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Naval Academy Midshipman Sues Over Discipline For Tweets

Naval Academy Midshipman Sues Over Discipline For Tweets

A midshipman is suing the U.S. Naval Academy after he was disciplined for tweeting that Breonna Taylor received "justice when she was fatally shot by police.

ANNAPOLIS, Md.: A midshipman is suing the U.S. Naval Academy after he was disciplined for tweeting that Breonna Taylor received “justice when she was fatally shot by police.

Midshipman 1st Class Chase Standage, 21, says in the lawsuit that the academy is violating his constitutional rights of free speech and a fair and impartial hearing, the Capital Gazette reported Thursday.

In addition to the tweet about Taylor, a Black woman who was fatally shot by officers who barged into her Kentucky home, Standage was also accused of tweeting racist messages against Black people.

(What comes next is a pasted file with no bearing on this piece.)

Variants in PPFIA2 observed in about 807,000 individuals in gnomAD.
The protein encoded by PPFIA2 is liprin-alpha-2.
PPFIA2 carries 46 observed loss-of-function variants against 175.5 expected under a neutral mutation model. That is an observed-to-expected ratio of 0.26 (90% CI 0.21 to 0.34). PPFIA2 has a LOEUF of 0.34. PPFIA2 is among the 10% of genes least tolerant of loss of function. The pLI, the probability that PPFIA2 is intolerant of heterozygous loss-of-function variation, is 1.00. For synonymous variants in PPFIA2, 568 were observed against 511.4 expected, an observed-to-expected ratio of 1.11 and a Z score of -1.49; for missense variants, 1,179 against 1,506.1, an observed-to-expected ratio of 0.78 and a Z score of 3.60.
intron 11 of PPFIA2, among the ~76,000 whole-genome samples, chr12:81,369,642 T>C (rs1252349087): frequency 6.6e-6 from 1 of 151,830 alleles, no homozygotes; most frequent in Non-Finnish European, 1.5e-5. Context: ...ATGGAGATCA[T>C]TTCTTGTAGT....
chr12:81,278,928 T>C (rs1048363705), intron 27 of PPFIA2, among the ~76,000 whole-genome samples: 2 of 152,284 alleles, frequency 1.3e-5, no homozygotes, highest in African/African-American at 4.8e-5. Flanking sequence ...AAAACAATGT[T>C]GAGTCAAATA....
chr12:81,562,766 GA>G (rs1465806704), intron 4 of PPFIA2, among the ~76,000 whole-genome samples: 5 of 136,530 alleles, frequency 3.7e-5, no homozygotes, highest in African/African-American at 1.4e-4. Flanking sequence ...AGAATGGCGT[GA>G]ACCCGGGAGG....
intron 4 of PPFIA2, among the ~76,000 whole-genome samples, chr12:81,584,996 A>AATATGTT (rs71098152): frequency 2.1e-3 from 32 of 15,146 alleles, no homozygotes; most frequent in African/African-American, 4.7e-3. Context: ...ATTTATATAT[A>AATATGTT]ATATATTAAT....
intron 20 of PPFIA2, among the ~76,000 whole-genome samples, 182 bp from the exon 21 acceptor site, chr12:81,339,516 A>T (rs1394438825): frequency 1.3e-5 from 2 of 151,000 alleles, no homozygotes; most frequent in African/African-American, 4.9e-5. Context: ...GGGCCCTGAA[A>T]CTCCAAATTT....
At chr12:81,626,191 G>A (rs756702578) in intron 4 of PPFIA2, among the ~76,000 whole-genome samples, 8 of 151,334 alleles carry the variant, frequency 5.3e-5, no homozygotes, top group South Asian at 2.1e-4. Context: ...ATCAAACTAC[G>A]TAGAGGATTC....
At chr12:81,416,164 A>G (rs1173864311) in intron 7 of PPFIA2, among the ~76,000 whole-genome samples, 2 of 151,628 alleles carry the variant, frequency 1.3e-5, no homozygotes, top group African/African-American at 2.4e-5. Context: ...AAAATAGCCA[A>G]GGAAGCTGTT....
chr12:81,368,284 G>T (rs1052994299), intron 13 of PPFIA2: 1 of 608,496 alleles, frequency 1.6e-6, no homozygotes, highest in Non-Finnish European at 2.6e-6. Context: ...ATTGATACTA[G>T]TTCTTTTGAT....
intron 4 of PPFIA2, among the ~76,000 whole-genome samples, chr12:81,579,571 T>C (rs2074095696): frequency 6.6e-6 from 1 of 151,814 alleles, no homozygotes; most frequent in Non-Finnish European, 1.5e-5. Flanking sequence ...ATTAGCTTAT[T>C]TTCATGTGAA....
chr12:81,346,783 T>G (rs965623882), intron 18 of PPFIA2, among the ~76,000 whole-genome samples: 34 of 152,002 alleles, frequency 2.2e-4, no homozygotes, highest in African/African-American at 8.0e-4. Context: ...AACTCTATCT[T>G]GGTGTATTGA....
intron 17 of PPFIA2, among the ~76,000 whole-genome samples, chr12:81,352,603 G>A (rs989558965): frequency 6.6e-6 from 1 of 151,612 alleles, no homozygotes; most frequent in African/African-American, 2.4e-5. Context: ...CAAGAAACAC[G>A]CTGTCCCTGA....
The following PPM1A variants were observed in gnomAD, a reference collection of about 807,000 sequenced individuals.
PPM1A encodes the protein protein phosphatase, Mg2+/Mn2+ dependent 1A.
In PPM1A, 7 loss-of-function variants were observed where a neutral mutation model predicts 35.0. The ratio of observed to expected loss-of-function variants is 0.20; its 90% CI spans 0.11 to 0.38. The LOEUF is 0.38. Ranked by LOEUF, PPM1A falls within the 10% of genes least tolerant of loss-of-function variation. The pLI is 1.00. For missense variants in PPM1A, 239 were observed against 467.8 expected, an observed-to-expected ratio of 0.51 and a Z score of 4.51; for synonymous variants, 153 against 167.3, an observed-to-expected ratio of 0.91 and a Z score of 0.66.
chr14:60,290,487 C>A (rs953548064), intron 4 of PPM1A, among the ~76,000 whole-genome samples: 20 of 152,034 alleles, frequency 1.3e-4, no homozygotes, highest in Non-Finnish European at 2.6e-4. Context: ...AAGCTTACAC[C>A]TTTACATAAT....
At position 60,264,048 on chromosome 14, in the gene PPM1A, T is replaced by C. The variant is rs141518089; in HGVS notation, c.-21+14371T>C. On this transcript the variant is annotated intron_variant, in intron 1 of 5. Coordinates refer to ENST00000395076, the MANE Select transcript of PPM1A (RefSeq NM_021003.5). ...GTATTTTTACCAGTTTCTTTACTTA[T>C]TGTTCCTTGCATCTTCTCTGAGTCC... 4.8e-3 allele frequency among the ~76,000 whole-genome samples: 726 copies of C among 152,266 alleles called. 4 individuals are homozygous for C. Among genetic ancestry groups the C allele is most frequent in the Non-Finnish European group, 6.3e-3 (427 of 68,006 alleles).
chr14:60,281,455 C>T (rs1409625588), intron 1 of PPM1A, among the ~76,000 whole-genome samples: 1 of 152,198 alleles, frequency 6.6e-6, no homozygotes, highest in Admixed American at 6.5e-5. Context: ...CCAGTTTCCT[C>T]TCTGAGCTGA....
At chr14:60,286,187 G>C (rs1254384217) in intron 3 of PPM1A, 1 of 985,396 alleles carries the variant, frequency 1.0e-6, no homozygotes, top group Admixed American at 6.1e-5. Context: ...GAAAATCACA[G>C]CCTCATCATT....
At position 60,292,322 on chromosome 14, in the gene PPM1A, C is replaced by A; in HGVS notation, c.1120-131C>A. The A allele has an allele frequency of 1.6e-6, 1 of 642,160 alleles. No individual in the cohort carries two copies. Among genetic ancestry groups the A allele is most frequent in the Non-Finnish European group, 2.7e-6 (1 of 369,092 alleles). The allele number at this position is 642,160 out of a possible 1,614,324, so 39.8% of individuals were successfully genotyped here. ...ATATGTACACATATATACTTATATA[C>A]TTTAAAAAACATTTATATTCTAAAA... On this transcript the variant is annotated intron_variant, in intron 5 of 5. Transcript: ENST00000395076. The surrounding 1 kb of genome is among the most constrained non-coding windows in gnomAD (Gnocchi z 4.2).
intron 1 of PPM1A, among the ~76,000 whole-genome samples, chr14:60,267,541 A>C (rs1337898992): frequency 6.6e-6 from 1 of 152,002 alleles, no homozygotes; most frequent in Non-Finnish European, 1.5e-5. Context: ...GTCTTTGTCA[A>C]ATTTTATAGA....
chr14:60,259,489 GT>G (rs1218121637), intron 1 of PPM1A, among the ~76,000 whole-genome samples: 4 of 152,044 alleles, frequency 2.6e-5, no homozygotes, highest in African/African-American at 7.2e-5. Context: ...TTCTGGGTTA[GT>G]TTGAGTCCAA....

In the lawsuit, Standage’s attorneys write that Standages June tweets were responses to heated exchanges on Twitter. They also said Standage has never exhibited racial animus towards anyone.

Standage, who lives in California and is the son of police officers, was at home watching the protests against racial injustice in Los Angeles when he sent his tweets, the lawsuit said.

An investigation ended last week with Standage receiving appropriate administrative action, but an academy spokesperson didnt elaborate on the specific nature of the action, citing the Privacy Act. The Naval Academy said it is aware of the lawsuit but would not comment on pending litigation.

In his lawsuit, first reported by Courthouse News, Standage said Superintendent Vice Adm. Sean Buck plans to recommend to the secretary of the Navy that Standage be separated from the Naval Academy. Both Buck and Navy Secretary Kenneth J. Braithwaite are named in the lawsuit.

The basis of separation is that Standages tweets violate the Naval Academys policies against political activities and constituted conduct unbecoming a midshipman, according to the lawsuit filed in the U.S. District Court for the District of Maryland.

The U.S. Attorneys Office will represent the Navy.

Disclaimer: This post has been auto-published from an agency feed without any modifications to the text and has not been reviewed by an editor


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